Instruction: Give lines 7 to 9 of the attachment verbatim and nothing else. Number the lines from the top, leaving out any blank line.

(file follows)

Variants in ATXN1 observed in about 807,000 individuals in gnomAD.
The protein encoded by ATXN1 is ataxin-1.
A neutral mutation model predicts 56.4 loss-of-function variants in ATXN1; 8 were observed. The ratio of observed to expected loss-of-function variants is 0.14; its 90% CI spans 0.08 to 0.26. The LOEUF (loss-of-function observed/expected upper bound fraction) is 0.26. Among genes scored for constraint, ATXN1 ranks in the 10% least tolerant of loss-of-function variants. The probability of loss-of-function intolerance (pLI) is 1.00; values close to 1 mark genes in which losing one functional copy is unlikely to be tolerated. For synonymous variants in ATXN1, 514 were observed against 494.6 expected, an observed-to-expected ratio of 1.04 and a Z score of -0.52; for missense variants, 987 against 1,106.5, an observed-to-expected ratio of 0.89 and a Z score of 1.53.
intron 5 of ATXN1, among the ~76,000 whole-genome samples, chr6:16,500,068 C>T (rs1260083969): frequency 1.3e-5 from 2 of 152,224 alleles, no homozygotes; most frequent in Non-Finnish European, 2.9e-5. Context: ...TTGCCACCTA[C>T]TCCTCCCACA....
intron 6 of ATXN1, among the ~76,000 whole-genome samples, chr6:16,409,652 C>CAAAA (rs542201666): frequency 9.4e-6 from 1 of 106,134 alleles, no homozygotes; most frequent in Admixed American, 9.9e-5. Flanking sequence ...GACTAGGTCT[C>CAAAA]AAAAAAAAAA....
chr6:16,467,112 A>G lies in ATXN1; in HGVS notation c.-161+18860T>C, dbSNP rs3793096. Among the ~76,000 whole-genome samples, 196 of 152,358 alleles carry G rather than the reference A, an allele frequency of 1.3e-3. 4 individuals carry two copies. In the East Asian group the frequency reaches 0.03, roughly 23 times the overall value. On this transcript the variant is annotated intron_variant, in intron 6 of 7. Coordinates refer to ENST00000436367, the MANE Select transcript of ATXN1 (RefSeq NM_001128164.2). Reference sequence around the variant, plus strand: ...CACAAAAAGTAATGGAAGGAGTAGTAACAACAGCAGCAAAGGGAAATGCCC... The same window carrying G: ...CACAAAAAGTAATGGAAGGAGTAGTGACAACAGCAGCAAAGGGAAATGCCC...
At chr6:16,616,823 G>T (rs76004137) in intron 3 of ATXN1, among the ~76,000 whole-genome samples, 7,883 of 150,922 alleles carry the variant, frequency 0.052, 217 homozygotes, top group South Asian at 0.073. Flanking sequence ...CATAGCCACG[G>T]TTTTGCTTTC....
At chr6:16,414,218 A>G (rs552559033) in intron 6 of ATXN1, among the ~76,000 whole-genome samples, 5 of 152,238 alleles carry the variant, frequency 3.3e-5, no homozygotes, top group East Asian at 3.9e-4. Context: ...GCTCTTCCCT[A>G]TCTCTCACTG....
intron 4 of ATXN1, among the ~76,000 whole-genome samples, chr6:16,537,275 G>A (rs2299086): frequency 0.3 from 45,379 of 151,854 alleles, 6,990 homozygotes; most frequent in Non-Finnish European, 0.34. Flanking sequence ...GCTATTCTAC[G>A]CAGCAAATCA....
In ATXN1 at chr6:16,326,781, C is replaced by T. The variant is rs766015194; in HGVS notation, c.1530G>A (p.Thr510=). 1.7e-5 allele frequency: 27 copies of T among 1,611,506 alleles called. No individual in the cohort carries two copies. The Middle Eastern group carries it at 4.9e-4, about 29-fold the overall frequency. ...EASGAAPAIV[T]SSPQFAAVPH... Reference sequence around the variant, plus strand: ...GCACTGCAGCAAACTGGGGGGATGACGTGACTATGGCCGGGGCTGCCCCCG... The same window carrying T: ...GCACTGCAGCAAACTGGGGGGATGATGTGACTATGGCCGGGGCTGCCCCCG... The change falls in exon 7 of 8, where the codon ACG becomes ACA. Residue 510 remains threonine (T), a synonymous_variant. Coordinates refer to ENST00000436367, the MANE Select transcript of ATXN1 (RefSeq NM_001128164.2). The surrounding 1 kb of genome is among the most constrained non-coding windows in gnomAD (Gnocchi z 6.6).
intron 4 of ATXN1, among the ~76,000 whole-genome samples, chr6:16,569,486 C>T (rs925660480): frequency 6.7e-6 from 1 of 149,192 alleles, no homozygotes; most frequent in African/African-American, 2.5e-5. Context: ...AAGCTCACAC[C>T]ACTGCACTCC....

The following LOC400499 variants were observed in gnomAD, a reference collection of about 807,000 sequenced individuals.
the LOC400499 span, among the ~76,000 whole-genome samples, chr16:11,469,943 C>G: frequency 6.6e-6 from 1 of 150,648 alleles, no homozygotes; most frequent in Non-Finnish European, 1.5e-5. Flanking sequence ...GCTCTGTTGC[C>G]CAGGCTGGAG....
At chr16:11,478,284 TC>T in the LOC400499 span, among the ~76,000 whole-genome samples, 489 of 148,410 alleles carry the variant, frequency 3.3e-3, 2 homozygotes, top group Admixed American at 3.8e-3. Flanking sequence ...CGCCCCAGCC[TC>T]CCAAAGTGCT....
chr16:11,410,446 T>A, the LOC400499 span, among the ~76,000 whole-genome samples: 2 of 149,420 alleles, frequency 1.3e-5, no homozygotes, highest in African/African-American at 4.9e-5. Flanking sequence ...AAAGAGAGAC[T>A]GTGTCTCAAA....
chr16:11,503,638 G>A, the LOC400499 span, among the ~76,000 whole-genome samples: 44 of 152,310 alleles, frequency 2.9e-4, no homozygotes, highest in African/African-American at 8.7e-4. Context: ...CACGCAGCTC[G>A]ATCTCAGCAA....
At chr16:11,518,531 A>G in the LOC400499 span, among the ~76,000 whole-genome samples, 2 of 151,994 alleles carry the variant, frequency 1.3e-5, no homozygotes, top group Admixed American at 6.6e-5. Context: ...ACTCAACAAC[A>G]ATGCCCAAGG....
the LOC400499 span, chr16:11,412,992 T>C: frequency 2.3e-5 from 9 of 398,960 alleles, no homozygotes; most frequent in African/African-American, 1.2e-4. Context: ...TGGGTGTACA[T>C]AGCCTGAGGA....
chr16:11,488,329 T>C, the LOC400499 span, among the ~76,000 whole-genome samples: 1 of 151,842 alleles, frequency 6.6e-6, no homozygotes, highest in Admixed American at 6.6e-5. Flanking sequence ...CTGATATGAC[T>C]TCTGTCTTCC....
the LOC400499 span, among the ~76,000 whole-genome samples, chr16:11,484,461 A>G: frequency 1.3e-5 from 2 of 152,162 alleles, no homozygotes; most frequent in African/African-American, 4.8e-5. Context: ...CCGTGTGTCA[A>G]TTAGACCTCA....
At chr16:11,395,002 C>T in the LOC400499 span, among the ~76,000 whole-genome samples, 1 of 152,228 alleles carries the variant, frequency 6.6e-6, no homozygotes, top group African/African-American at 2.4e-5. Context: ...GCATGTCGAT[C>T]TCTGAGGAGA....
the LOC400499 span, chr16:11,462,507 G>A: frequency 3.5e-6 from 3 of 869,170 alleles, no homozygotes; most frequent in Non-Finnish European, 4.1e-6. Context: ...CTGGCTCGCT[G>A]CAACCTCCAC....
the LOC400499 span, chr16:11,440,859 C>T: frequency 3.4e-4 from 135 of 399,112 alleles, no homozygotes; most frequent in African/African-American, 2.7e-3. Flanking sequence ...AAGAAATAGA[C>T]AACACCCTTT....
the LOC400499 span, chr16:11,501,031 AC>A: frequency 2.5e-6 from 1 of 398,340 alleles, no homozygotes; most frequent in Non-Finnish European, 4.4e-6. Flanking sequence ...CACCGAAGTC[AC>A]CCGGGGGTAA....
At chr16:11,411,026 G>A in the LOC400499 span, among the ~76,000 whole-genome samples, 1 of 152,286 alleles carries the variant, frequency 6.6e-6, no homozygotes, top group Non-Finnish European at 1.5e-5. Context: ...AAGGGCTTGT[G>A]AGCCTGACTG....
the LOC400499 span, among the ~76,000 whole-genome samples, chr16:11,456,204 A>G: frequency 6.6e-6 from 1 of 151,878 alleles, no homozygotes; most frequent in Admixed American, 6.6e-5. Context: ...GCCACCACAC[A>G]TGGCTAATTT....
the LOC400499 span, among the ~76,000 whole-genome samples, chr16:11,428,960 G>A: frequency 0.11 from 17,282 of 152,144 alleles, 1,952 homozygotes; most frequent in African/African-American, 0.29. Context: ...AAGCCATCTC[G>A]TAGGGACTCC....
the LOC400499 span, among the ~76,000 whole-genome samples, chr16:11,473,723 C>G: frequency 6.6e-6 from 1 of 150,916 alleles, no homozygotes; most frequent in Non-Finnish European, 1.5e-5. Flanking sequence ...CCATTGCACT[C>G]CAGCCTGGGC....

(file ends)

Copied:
At chr6:16,616,823 G>T (rs76004137) in intron 3 of ATXN1, among the ~76,000 whole-genome samples, 7,883 of 150,922 alleles carry the variant, frequency 0.052, 217 homozygotes, top group South Asian at 0.073. Flanking sequence ...CATAGCCACG[G>T]TTTTGCTTTC....
At chr6:16,414,218 A>G (rs552559033) in intron 6 of ATXN1, among the ~76,000 whole-genome samples, 5 of 152,238 alleles carry the variant, frequency 3.3e-5, no homozygotes, top group East Asian at 3.9e-4. Context: ...GCTCTTCCCT[A>G]TCTCTCACTG....
intron 4 of ATXN1, among the ~76,000 whole-genome samples, chr6:16,537,275 G>A (rs2299086): frequency 0.3 from 45,379 of 151,854 alleles, 6,990 homozygotes; most frequent in Non-Finnish European, 0.34. Flanking sequence ...GCTATTCTAC[G>A]CAGCAAATCA....